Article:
A slide shows the theme of a speech delivered by Douglas James Noble, deputy representative of the United Nations International Children's Emergency Fund to China, at a webinar on June 10, 2020. [Photo courtesy of Diinsider and the UNICEF]
The COVID-19 pandemic continuing to spread around the world poses serious challenges for children, especially those in Africa, according to an official of the United Nations International Children's Emergency Fund (UNICEF).
Douglas James Noble, UNICEF deputy representative to China, said that, currently nearly 1.2 billion students in 150 countries remain affected by school closures amid lockdown designed to slow the spread of the disease.
Malnutrition is rising, as 369 million children across 143 countries are not getting the school meals they would normally rely on for a source of daily nutrition, he said.
Speaking at a webinar on Wednesday, Noble said UNICEF has expanded its Humanitarian Action for Children appeal to a target of US$1.6 billion to meet the growing needs of children impacted by the COVID-19 pandemic.
"Africa accounts for 40% of the global appeal, reflecting the challenges and needs the continent is facing, and the challenges we predict they will be facing in months and years ahead," he said.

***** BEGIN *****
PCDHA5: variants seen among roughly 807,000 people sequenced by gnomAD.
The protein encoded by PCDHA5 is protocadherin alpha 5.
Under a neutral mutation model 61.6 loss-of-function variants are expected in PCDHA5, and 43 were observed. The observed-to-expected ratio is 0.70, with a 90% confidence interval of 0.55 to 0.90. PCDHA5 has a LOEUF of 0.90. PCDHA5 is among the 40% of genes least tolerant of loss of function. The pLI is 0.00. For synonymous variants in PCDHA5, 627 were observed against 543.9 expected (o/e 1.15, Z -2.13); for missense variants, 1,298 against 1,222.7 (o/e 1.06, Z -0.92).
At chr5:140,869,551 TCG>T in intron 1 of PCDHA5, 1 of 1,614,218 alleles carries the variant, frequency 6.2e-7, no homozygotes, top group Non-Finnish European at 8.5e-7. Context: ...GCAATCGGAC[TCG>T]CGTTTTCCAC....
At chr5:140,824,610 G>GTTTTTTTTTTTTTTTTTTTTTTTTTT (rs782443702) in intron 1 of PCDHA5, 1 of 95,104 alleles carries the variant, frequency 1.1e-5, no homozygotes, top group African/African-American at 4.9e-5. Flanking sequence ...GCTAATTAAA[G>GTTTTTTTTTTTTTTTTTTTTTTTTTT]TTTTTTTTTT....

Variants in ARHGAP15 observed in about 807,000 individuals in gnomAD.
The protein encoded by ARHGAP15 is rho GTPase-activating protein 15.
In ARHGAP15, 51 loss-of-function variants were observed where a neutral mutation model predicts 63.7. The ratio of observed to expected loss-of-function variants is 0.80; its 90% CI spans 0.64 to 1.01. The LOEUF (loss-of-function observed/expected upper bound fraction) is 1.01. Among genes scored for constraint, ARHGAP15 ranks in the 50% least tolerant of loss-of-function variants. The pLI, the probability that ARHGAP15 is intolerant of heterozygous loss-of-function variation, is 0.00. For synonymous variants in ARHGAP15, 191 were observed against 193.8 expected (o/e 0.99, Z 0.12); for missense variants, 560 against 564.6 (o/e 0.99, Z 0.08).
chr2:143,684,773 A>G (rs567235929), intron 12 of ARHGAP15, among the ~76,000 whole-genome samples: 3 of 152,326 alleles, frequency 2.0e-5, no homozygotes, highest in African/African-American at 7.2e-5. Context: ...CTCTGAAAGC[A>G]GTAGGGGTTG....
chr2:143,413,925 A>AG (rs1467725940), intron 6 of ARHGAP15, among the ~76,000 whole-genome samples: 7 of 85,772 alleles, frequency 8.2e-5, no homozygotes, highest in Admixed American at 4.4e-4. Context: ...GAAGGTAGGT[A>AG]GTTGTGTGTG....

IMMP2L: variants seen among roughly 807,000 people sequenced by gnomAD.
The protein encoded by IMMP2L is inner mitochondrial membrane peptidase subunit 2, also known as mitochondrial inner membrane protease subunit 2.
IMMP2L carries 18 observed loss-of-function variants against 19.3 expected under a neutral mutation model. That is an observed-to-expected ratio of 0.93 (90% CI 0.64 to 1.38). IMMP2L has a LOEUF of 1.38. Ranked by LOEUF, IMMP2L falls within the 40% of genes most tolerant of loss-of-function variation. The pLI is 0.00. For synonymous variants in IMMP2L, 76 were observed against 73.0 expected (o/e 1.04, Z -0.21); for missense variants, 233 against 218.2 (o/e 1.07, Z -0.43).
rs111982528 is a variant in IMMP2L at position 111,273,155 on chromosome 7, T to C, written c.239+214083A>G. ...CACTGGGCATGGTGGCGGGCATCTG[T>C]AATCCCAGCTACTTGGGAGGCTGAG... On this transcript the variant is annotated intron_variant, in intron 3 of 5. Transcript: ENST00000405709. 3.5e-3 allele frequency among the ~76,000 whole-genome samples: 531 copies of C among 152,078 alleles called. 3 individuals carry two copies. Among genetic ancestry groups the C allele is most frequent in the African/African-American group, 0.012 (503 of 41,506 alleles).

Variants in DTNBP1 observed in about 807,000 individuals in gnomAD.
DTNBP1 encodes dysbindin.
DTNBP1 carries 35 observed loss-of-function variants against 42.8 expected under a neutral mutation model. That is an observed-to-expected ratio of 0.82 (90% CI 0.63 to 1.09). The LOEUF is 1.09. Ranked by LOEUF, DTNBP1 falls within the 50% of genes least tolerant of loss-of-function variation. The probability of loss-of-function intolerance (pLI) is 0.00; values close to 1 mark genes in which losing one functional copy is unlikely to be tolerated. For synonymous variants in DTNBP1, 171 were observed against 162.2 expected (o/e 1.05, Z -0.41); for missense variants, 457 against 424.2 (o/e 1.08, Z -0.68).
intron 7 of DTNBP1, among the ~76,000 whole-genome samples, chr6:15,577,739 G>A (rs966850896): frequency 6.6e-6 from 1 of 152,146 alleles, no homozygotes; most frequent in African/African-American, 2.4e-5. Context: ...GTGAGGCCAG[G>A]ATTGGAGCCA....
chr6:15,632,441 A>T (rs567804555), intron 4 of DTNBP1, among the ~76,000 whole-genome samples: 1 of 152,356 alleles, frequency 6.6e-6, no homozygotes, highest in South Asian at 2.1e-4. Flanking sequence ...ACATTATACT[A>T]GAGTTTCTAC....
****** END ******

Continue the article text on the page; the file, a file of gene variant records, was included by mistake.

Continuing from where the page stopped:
According to UNICEF statistics, West and Central Africa, home to only 11% of the world's children, account for 31% of global under-five deaths, 20% of global stunting, and 33% of out-of-school children. In the region, there are 23 million children in need of humanitarian assistance, and more than 4.9 million children aged under five years considered to be at risk of severe acute malnutrition.
In Eastern and Southern Africa, nearly 17 million children were already in need of humanitarian assistance prior to the outbreak of COVID-19. Poor rainfall leads to food insecurity, lack of access to clean water and severe malnutrition.
Noble said COVID-19 imposes huge pressure on an already strained system in many parts of Africa.
The impact of the pandemic on children included lower access to food and health services, shortages of vaccines and other essential drugs as transportation links shut down, as well as increased risk of child violence, adolescent pregnancies and school drop-outs by girls, etc.
To minimize the impact, UNICEF is taking measures to help African countries ensure availability of essential health and nutrition services, protect children in the most vulnerable circumstances, as well as expanding sustainable social protection programs, Noble said.
The webinar, on the theme of "Safeguarding Children's Health in Africa amid COVID-19," was organized by Development Innovation Insider (Diinsider).